Formerly Asteriktos
Protospatharios
****************
Offline Offline

Posts: 30,489



« Reply #10 on: March 05, 2003, 03:16:11 PM »

Quote
complete with  the unchanging God arbitrarily changing His standards and expectations with time

Do you know what the solution of an increasing number is? Claim that God does change. The Open View theology that is taking hold of many evangelicals is quite scary (although I think I read somewhere the other day the the Southern Baptists squashed the attempt to make this a tenable position in their church).

I'd like to add something for those Orthodox unfamiliar with dispensationalism. A lot of talk has gone on about eschatology within dispensationalistic thought on this thread. In my experiences with dispensationalists, though, eschatology is a rarely-discussed aspect of their belief system (though perhaps the types of fora I frequent has something to do with that... I tend to avoid the popular-level type fora, and have a genuine dislike for eschatological discussion)
Logged
Νεκτάριος
Protokentarchos
*********
Offline Offline

Posts: 5,437



« Reply #11 on: March 05, 2003, 07:56:49 PM »

A good read for anybody interstested in dispensationalism is A Second Look at the Second Coming by T.L. Frazier.  It provides a good refutation of dispensationalism and a good look into the Orthodox understanding of the end times.
Logged
Linus7
Archon
********
Offline Offline

Posts: 2,780



« Reply #12 on: March 05, 2003, 11:02:04 PM »

I do believe Dispensationalism is heresy, and at least its chiliastic aspect has been dealt with explicitly by the Church. It was the Second Council, at Constantinople in 381, that rejected Chiliasm, which is of course the very heart of Dispensationalist eschatology.

Of course, I think Dispensationalism is the result of having a wrong-headed view of Christianity as a whole. It is merely one symptom of a much larger malady.

Dispensationalists see literal, fleshly Israel as the main actor in God's program, with the Church as a mere "parenthesis."

They also see the cross as something that "became necessary" only because the Jews rejected the kingdom offered them by Jesus. Had the Jews "accepted Jesus" at His first coming, say the Dispies, the cross would not have been needed!

They have literal Jews reinstituting temple sacrifices in the literal millenium following the second Second Coming of Christ (the first Second Coming having occurred at the Rapture).

Dispensationalists must posit several such "Second Comings," several bodily resurrections, and several "last" judgments.

Their system divides God's people into two distinct "kingdoms" and likewise arbitrarily carves up Scripture. Some parts of the Bible, we are told, apply to the Church. Other parts apply only to the 144,000 literal Jews of the "Great Tribulation."

For example, according to Dispenstionalists, the Sermon on the Mount does not apply to Christians during the Church Age or even to the people to whom Jesus was speaking, but only to the Jews of the Great Tribulation.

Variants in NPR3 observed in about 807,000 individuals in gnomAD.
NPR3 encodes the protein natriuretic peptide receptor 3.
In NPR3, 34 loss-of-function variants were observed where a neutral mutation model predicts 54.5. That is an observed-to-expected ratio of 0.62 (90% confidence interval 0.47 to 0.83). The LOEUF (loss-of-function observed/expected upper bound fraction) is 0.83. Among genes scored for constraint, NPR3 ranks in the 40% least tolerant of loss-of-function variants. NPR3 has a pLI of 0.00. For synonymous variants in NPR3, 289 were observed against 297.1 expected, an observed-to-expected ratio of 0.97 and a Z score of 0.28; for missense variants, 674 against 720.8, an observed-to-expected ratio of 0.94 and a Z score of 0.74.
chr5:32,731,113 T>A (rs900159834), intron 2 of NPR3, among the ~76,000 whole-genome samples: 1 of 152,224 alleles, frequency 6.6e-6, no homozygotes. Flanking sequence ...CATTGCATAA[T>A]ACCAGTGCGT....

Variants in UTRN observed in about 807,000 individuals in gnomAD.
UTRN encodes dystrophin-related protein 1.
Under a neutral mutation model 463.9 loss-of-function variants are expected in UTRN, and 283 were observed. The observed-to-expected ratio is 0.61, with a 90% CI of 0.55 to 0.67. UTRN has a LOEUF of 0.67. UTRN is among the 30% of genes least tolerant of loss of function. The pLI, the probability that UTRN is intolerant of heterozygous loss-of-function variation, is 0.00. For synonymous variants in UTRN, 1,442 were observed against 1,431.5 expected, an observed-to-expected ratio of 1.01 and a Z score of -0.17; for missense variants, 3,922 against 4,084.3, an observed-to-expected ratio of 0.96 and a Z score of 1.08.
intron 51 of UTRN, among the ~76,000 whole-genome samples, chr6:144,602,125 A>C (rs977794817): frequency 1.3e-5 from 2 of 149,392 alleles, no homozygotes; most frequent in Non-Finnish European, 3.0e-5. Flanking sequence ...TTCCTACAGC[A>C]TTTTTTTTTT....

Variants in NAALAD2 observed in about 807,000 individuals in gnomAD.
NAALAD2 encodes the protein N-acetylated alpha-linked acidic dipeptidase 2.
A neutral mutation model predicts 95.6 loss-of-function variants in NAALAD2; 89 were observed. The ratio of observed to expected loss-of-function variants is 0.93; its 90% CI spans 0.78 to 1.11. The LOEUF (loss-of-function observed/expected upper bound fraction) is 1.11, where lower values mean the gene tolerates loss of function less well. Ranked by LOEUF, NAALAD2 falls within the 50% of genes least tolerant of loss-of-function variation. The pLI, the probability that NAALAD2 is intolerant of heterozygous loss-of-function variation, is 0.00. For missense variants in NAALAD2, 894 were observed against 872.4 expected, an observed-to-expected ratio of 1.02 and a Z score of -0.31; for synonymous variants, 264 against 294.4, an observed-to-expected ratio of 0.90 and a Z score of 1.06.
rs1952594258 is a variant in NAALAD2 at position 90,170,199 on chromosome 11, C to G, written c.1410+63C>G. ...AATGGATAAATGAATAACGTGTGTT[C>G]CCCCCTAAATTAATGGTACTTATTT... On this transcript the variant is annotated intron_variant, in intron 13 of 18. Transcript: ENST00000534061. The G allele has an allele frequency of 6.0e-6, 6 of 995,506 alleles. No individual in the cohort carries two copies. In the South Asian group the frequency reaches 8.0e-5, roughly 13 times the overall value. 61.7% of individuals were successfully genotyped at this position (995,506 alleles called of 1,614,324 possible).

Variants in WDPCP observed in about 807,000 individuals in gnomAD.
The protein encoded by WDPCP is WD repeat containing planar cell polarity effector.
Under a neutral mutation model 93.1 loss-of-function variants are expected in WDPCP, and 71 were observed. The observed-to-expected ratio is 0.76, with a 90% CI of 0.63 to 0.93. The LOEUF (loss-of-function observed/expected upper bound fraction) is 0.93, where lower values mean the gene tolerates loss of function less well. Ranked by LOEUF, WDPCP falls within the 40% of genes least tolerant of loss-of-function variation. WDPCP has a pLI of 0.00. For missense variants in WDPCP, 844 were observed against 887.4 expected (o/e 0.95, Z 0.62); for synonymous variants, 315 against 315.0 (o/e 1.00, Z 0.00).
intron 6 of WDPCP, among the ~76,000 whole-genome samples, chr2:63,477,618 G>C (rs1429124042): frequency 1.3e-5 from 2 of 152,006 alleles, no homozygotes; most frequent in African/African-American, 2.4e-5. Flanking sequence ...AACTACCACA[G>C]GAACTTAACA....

Huh?  Huh

Apparently the only ones who can tell which verses of Scripture apply to which groups are the Dispensationalists themselves.

If all this is not heresy, then what is?
« Last Edit: March 05, 2003, 11:07:46 PM by Linus7 » Logged

The first condition of salvation is to keep the norm of the true faith and in no way to deviate from the established doctrine of the Fathers.
- Pope St. Hormisdas
Linus7
Archon
********
Offline Offline

Posts: 2,780



« Reply #13 on: March 09, 2003, 12:38:07 AM »

I happened to be in the Waldenbooks at my local mall Friday evening while my wife was clothes shopping. In the Religion section I saw a book called The Complete Book of Bible Prophecy, by a guy named Mark Hitchcock.

I don't normally look at such obviously Fundamentalist Protestant fare, but I was bored, so I thumbed through this one.

I was shocked by the incredible dishonesty of this book. Under a heading called The Early Church was Premillenial, the author cited a number of early Church Fathers and claimed they were Premillenialists.

Of course, I have read before that Papias, Justin Martyr, and Irenaeus held chiliastic views, but Hitchcock also added to his list St. Ignatius, St. Clement of Rome, and St. Polycarp!

Now I have read all of Ignatius, Clement, and Polycarp, and I have NEVER found anything they wrote that even remotely hints that they held chiliastic views. In fact, I do not recall that they had anything much to say about eschatology at all, Premillenial or otherwise.

Is Hitchcock a liar, or did he just fail to do his homework?

How could he claim that Ignatius, Clement, and Polycarp were Premillenialists without actually reading what they had to say?

The book's cover said that Hitchcock is a graduate of Dallas Theological Seminary.

Evidently DTS' standards of intellectual precision are none too high.
Logged